Future Global Shocks - OECD.org

Apr 4, 2011 - are unknown to the software developer and vendor, and exploits that security ...... tech Information security center (gtIsc), atlanta. ...... organisations that have been victim of cyber-attacks might lose the confidence of custom-.
5MB Sizes 2 Downloads 341 Views
Future Global Shocks IMPROVING RISK GOVERNANCE Recent global shocks, such as the 2008 financial crisis, have driven policy makers and industry strategists to re-examine how to prepare for and respond to such events in the future, whether they arise in financial, natural, public health or even political systems. Global leaders are acutely aware that another systemic shock could severely challenge economic recovery, social cohesion and even political stability. Visible indicators of vulnerability persist in the forms of economic imbalances, volatile commodity prices and currencies, colossal public debts and severe budget deficits. Less visible than these metrics are the drivers of vulnerability that tightly weave interconnections between commercial supply chains, technological systems and investment vehicles underlying the global economy. Unanticipated events such as natural disasters, failures in key technical systems or malicious attacks could disrupt these complex systems and produce shocks that propagate around the world. There is a palpable sense of urgency to identify and assess risks arising from vulnerabilities in these crucial systems, and to develop policies that will bolster efforts for prevention, early warning and response to ensure sustained economic prosperity. The present report responds to this urgency with strategic advice on preparing for and responding to potential global shocks mired in uncertainties. Chapter 1. Definition and drivers of future global shocks Chapter 2. Risk assessments for future global shocks Chapter 3. Tools to prepare for future global shocks Chapter 4. Emergency management of future global shocks Chapter 5. Strategic approaches for managing future global shocks In the same series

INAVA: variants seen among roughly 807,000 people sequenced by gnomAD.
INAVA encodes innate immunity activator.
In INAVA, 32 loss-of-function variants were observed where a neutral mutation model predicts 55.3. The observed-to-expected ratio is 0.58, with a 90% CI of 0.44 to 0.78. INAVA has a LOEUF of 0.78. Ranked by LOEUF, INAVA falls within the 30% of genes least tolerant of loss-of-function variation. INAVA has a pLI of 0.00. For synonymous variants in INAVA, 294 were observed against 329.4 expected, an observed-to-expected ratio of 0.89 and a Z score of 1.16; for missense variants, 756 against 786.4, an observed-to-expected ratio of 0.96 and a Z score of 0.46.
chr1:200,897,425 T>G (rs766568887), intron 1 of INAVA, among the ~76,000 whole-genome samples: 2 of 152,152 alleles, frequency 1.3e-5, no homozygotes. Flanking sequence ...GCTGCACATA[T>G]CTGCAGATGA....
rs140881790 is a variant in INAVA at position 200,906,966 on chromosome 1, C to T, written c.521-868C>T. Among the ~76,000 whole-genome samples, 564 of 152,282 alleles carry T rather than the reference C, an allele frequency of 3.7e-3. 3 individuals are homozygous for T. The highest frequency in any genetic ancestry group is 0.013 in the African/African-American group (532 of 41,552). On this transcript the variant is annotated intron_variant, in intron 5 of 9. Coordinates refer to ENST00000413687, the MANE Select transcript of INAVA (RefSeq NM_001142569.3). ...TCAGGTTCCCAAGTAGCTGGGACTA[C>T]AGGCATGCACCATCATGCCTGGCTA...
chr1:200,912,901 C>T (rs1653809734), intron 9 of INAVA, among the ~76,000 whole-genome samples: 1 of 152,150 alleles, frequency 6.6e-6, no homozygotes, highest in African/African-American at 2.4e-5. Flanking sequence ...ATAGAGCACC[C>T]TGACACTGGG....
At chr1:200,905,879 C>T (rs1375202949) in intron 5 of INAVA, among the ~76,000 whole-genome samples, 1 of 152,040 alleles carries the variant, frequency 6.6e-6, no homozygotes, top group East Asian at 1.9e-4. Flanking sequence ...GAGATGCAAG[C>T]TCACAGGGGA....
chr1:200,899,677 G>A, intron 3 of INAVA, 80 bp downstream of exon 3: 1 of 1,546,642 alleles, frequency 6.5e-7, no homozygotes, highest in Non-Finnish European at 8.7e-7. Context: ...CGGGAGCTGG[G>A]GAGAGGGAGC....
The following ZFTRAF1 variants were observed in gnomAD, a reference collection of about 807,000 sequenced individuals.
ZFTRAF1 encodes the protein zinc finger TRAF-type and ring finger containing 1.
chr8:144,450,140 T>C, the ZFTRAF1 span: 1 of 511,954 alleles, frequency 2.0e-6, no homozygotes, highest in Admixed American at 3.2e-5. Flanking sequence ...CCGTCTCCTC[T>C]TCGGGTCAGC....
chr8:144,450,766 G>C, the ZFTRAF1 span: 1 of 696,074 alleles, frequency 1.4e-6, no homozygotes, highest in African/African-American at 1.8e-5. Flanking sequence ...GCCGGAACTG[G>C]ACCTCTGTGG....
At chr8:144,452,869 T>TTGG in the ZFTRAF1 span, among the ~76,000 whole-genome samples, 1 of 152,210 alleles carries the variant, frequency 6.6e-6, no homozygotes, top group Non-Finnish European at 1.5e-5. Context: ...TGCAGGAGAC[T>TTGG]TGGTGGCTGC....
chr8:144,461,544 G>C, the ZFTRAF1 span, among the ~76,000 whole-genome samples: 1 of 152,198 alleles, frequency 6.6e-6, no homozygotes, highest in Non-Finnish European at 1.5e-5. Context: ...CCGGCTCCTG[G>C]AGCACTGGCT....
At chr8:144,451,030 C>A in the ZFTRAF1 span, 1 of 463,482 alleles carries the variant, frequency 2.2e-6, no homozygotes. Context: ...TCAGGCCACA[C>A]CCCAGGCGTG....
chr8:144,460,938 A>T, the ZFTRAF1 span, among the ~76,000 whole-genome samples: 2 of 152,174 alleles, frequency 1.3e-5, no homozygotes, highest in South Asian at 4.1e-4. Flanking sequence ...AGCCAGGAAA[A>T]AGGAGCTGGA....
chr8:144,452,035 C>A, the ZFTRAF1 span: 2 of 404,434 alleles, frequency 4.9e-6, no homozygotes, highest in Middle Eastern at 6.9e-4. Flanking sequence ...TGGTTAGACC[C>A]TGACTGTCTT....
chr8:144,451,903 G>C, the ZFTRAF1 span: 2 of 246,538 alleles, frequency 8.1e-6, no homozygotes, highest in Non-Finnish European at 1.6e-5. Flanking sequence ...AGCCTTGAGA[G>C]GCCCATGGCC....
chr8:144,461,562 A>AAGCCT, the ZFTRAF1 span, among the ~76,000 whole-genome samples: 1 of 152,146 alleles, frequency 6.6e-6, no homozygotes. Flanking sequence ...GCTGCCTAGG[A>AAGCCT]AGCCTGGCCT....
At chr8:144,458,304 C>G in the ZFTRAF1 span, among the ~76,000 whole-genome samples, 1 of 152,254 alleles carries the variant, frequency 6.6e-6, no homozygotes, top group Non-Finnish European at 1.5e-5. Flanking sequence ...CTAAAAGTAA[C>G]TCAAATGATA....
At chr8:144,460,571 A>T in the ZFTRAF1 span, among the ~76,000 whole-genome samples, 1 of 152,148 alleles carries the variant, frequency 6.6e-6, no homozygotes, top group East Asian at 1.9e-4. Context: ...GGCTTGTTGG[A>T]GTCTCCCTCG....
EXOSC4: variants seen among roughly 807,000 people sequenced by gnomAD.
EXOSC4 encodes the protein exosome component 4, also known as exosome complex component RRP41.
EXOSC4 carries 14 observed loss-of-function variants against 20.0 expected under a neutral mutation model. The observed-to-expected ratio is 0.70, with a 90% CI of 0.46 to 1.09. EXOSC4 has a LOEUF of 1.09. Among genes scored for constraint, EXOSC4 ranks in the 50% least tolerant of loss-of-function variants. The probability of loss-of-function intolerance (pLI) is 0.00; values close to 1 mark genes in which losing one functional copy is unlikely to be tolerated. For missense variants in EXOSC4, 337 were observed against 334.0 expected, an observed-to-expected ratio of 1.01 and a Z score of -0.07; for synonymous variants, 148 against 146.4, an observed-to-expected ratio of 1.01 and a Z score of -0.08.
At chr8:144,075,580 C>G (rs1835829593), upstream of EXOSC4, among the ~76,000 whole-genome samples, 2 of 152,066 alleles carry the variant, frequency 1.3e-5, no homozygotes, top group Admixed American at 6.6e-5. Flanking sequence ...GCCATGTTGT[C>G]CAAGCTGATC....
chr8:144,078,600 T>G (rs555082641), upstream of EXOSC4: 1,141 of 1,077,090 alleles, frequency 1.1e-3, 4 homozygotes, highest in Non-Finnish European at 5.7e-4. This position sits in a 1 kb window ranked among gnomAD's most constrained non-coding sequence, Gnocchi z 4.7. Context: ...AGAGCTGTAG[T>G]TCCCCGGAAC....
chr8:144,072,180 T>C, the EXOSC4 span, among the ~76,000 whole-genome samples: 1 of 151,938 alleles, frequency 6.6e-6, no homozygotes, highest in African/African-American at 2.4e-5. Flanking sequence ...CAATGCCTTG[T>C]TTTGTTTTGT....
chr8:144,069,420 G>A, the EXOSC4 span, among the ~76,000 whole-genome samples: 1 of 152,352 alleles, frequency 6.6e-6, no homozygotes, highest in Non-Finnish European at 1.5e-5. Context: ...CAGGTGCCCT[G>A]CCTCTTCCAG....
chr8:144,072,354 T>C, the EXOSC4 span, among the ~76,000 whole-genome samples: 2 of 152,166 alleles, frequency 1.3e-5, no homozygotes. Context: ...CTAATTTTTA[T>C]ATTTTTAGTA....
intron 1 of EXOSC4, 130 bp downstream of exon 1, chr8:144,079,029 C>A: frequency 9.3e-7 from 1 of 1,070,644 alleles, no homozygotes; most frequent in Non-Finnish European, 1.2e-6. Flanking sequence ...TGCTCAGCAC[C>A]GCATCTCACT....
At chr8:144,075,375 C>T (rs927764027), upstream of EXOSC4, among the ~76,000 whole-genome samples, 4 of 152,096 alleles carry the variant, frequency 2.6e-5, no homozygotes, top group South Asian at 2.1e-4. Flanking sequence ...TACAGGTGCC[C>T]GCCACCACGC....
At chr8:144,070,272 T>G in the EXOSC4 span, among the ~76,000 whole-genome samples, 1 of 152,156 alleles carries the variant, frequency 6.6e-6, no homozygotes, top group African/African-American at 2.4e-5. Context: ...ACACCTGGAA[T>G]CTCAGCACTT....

ISBN 978-94-09520-5 42 2011 09 1 P

-:HSTCQE=U^ZWUZ:

Future Global Shocks IMPROVING RISK GOVERNANCE

IMPROVING RISK GOVERNANCE

Étude de l’OCDE sur la gestion des risques d’inondation, Bassin de la Loire, France (2010) OECD Reviews of Risk Management Policies: Italy, Review of the Italian National Civil Protection System (2010) OECD Reviews of Risk Management Policies: Japan, Large-Scale Floods and Earthquakes (2009) OECD Reviews of Risk Management Policies: Sweden, The Safety of Older People (2007) OECD Reviews of Risk Management Policies: Norway (2006) Large Scale Disasters, Lessons Learned (2004) Emerging Risks in the 21st Century: An Agenda for Action (2003)

OECD Reviews of Risk Management Policies

Future Global Shocks

Contents

OECD Reviews of Risk Management Policies

OECD Reviews of Risk Management Policies

PRELIMINARY VERSION

Foreword – 3

Foreword The International Futures Programme’s project on “Future Global Shocks” originated in 2009 with a series of consultations among partners focusing on follow-up work to the decade-long research into risk management. The awareness of risk management in government and the private sector has risen dramatically in recent years. Large-scale disasters have been recognised as challenges to public policy, usually at the national or regional level. The concept of “global shocks” takes account of a different pattern of risk: cascading risks that become active threats as they spread across global systems, whether these arise in health, climate, social or financial systems. Little work has been done on risks present in large-scale system interdependencies and the propagation of risks across global systems. Among the more important findings of this work for public policy is recognition that surveillance has now emerged as a key component in risk assessment and management. New knowledge management tools, modelling and data arrays provide unprecedented opportunities for anticipating some important global threats, and are increasingly sought by public policy managers worldwide. Secondly, there is a heightened role for security agencies in collaboration with regulatory agencies to use, adapt and implement risk-as